The GT had an oversized frame, so I grabbed a Schwinn mountain bike, and Matt picked a Raleigh hybrid. The sun was out, and the cool edge of a slight breeze insisted itself through the streets. We pushed the bikes out of the front doors and aimed north. People were milling around the River Market area casually as we adjusted our seat posts, then coasted half a block closer to the river. I angled into an open-air pavilion and flicked the thumb shifters a few times to gauge the gearing. I was already smiling. Matt rang his bar-mounted bell a few times and grinned. We pushed out of the city proper and onto the winding concrete path of the Arkansas River Trail.
Matt had already put in a mile or two in a run earlier that morning, but we laughingly acknowledged that our fitness was inconsistent at best, and that this ride would be more than just a throwback to fun. It was necessary, even moreso for me. Satisfied with our pre-flight check, we startled peddling on the trail, which was a twisting concrete sidewalk here. I grinned as my beer gut jiggled and I picked up speed and moved the handlebars to weave and adjust my balance, calibrating myself to the long-dormant, yet quickly-remembered feeling of two wheels. Where the sidewalk undulated, I pulled back the handlebars quickly and jutted my legs forward to lift off of the ground, ever so briefly. The kid inside me said, “Didja see that? We can still get air.” I shook my head at myself (I’m sure both wheels were in the air for all of five inches) and we rode on, weaving in and out of smiling couples and little kids acting as moving markers.
A few blocks west, the Broadway Bridge demolition caused part of route 10 to be closed, including the trail. We squeezed brake handles, shifted our weight to one side, and dismounted quickly, hoisting frames to shoulders to ascend stairs below the Doubletree. Pausing briefly at the empty street, we saw piles of concrete two blocks down grow as machines dropped off chunks of the former bridge’s foundation. Remounting, we coasted into an underground parking garage, only to circle back out and push back up to street level. I didn’t have anything mounted to my bike, and soon we were starting to move beyond the boundaries of the street grid in Matt’s handlebar-mounted gear bag and map. We pushed west for several blocks; one uphill push was an absolute monster. I tapped out immediately, butcMatt shifted gears in a slow-motion machine-gun burst, and I could hear him exhale in determinations that sounded like “Yeah! Yeah! Yeah!” as he pumped his legs furiously to reach the peak of the hill. It took me at least another minute and a half to join him, and I secretly marveled at the heat and growing tightness in my legs. We rested for a minute, and Matt passed me his water bottle. We looked around us at a few dead-end streets, then zig-zagged westward, eventually passing behind the capitol building. I almost forgot I was on a bike as its neoclassical architectural commanded most of my peripheral vision on my left. Another gentle hill or two, and we stopped to check the map on my phone. In the sunshine, it was difficult to see the screen at all. I cupped my right hand at the top and pinched the screen with my left thumb and index finger to zoom into a section of Little Rock. “It looks like we have to go at least five blocks before we have another chance to push north to the river.” Across the highway, the Children’s Hospital rose impressively. I nodded to point at it. “That’s bigger than I thought it was.”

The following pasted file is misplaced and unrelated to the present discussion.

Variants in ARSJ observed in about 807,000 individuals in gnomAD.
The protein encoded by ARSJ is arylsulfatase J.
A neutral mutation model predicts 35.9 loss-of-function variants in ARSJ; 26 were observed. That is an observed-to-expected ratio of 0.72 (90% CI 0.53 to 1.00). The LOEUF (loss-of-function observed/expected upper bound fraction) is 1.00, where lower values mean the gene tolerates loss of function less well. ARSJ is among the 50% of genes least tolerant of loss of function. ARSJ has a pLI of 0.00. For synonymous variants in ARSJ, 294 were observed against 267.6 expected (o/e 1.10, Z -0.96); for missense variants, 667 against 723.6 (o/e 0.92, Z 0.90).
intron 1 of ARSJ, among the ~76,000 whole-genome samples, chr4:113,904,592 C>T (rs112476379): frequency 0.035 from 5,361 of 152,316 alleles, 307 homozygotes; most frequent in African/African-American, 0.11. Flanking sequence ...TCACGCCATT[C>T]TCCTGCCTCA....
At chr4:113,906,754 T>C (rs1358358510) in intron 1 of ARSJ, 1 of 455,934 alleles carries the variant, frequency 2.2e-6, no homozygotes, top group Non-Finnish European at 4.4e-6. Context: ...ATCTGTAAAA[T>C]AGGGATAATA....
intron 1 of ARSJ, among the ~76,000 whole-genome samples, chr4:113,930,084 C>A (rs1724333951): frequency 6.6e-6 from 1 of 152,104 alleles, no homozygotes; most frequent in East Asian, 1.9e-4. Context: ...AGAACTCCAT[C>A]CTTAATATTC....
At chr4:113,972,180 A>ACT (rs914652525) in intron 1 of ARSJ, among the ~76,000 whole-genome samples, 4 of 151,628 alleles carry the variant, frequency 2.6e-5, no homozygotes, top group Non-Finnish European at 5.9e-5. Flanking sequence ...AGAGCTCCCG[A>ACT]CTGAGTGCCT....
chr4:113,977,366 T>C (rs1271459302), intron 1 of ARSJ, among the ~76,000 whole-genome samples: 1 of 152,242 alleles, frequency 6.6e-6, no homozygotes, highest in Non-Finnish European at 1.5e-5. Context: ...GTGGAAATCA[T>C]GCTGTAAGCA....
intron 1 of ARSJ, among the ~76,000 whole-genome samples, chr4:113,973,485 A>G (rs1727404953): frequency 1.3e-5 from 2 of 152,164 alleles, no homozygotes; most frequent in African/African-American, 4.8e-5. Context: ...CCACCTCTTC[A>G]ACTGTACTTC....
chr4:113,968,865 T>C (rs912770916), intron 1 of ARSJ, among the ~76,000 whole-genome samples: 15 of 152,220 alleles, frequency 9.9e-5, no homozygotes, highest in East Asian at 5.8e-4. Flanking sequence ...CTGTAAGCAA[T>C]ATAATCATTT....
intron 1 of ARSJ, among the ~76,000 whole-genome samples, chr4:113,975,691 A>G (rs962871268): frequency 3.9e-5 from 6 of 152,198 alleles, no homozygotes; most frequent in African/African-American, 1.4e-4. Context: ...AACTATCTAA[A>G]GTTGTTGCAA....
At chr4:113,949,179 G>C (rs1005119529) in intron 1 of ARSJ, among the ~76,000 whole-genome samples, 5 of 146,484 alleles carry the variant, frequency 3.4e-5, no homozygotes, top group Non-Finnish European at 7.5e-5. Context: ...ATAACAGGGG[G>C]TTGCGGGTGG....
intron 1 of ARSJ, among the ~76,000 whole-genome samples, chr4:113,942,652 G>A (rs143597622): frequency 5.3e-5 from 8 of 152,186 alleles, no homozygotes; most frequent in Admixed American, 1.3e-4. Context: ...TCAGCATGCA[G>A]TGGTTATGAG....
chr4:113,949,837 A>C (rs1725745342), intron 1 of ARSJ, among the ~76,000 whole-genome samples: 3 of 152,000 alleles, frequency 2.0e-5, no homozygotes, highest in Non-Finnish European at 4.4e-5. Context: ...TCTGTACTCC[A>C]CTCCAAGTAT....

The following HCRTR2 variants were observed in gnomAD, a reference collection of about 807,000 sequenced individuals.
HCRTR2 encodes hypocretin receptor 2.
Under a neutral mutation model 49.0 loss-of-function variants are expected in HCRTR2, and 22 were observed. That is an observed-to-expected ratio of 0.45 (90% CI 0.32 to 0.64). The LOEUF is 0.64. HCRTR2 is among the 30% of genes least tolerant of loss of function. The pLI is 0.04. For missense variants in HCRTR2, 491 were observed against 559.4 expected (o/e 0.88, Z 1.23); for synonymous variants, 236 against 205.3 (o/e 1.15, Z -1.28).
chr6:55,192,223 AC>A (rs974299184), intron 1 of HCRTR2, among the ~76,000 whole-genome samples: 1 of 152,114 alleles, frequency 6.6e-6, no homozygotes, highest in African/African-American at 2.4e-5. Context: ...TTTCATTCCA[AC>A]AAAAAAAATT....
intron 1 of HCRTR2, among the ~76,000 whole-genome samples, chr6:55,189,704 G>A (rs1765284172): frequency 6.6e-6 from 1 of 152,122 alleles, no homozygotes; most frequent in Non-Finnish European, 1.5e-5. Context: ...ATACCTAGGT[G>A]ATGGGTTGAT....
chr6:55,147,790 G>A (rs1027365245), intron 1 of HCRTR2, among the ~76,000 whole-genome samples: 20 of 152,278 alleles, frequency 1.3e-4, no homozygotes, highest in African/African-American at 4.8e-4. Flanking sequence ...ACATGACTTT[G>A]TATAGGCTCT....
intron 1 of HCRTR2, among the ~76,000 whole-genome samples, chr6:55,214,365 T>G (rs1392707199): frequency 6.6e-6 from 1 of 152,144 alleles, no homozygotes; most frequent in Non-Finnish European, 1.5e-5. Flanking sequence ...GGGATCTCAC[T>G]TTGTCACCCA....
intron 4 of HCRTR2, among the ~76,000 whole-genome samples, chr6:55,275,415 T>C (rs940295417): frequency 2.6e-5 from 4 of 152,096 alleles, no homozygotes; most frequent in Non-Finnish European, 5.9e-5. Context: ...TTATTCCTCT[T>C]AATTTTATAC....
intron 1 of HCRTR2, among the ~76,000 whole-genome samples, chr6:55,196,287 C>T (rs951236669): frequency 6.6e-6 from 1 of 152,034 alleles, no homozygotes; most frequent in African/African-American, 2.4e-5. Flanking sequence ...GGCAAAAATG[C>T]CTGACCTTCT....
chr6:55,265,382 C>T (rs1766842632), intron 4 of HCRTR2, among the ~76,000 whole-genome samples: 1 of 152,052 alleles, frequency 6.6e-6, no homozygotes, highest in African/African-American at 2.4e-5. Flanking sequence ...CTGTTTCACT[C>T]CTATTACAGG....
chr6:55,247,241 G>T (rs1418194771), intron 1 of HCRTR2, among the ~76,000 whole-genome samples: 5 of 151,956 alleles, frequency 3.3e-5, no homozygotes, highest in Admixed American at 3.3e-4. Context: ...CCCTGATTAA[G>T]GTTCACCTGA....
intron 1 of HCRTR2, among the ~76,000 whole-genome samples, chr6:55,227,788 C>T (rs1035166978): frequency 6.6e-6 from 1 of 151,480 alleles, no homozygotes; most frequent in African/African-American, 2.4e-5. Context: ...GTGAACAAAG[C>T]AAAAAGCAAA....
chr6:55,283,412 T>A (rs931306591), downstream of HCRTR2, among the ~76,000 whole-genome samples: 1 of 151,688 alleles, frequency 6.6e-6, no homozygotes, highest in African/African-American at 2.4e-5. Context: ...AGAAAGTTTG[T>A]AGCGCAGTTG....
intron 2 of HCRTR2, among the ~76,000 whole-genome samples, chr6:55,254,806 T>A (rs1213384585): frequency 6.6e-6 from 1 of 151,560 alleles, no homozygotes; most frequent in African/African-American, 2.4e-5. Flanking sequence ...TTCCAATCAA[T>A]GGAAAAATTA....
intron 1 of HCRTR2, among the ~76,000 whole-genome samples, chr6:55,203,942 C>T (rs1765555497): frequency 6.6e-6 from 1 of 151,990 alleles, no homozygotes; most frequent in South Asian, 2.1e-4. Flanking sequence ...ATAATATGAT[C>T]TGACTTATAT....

Matt looked down the roller-coaster hill arcing out below us. “Let’s head back toward the city that way,” he said, motioning with his head, “because if I do that hill and we have to come back up, I think I’ll be done.” I smiled in agreement and laughed, admitting, “There is no way I’ll make it through two more hills like that last one.” We peddled east.
The terrain was much more friendly as we ramped off and on sidewalks along 7th Street. We took Broadway back north toward the river, and snaked back into the River Market area, eventually carving toward the Clinton Library. I stuck my left arm out like a wing to make sure Matt saw the wooden boardwalk snaking below us, although there was no way he could have missed it. We circled in front of the mirrored glass of the library, then pushed up the gentle slope of the bridge in front of it. Stopping halfway across the Arkansas River, we took a few photos after I fished my phone out of my left pocket and pushed the home button: 1:30. “We’re good,” I offered. “That was hour one.”
We coasted off the bridge and onto the north shore, picking up the trail again via Harper’s Loop. Construction dotted the landscape in the blocks around Dickey Stephens Park, and I mentioned I was looking forward to spring to see baseball again, lamenting how quickly summer accelerated away from us after The Move. We took a pic outside of the ticket box, and looked through the bars at the green field, then pedaled east. A darkly-tinted late model Accord almost smacked Matt as its texting driver ignored the crosswalk and a red light at Washington and Main, and we agreed that indeed, that would have sucked, getting run over. We crossed the Main Street bridge to head south for the final time, and rode a few more blocks erratically, with no real direction. Above the trail, thirty or more kids and adults surfed the grassy, hilly landscape by sitting on cardboard sleds.
I felt tired and happy as we rode the final blocks back to Bobby’s Bike Hike, and as we returned the rental bikes, I felt that this was the perfect way to spend the first half of Saturday. Matt said it best: “I saw more of Little Rock today in two hours on a bike, then I would have in weeks behind the wheel.”
Sometimes all we have to do is move a little differently from A to B.